Ottawa has announced the locations of the two satellite reception ground stations for the Polar Epsilon project, marking the start of the second phase of the Arctic surveillance project.
The project was initially developed for the Department of National Defence/Canadian Forces (DND/CF) to improve surveillance capabilities over the Arctic and other large areas of responsibility. Polar Epsilon is a space-based wide area surveillance and support capability that is owned and run by DND. The project, valued at approximately $64.5 million, was approved on May 30, 2005.
Using information from RADARSAT-2 to produce imagery for military commanders in their areas of responsibility during the conduct of operations, the project includes the surveillance of Canada’s Arctic region, including its ocean approaches, the detection and tracking of foreign vessels, and support to CF operations globally. Polar Epsilon’s capability to enhance CF situational awareness is due to its ability to provide all-weather day/night surveillance in areas where other sensors are limited or unable to operate. Polar Epsilon can also be used to survey for oil or water pollution, aircraft or satellite crash sites.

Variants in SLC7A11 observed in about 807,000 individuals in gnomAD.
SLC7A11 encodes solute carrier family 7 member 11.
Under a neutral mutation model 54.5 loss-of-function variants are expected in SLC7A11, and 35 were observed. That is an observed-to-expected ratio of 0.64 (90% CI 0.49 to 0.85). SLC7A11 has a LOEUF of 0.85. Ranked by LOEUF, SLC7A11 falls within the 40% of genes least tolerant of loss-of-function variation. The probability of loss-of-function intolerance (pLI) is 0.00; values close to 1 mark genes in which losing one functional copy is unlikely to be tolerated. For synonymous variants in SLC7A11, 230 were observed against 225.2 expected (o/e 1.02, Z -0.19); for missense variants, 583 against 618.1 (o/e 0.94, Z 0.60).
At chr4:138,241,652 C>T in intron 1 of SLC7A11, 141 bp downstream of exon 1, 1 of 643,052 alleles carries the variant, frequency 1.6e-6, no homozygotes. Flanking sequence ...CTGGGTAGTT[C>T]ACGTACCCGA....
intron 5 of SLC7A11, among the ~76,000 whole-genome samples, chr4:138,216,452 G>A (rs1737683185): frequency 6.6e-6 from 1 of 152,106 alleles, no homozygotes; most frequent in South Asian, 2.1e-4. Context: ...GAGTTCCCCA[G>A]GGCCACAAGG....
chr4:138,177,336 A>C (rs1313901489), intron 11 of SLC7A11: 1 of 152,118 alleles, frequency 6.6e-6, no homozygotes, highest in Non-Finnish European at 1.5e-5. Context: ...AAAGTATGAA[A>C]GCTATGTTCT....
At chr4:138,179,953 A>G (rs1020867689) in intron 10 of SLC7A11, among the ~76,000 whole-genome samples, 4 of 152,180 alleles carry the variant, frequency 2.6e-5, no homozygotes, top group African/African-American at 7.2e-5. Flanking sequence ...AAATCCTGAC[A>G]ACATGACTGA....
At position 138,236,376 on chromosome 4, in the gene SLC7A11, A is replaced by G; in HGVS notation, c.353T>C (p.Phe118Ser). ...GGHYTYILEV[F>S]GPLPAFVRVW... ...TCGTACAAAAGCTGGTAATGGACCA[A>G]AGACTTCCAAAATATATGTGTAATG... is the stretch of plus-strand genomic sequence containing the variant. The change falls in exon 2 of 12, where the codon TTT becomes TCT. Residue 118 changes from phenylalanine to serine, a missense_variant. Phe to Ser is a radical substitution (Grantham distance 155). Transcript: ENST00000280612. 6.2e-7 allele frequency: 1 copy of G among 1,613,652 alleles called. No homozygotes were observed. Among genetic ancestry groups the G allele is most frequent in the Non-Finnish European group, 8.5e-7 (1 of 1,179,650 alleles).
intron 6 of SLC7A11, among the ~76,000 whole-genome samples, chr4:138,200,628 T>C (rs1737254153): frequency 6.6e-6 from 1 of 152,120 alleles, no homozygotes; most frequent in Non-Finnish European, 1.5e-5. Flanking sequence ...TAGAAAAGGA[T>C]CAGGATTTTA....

Polar Epsilon has completed its definition phases and is now in implementation for all capabilities including Arctic Surveillance, Environmental Sensing and Maritime Surveillance. These enhanced capabilities will help Canada exercise sovereignty in the North and protect the country’s environmental heritage.
The implementation phase of Polar Epsilon will begin immediately, and includes the design and construction of two new RADARSAT-2 ground stations, one on the east coast in Masstown, Nova Scotia, and the other on the west coast in Aldergrove, British Columbia. The definition phase for the ground stations was completed by MacDonald Dettwiler and Associates.
The ground stations are expected to be operational by late 2010.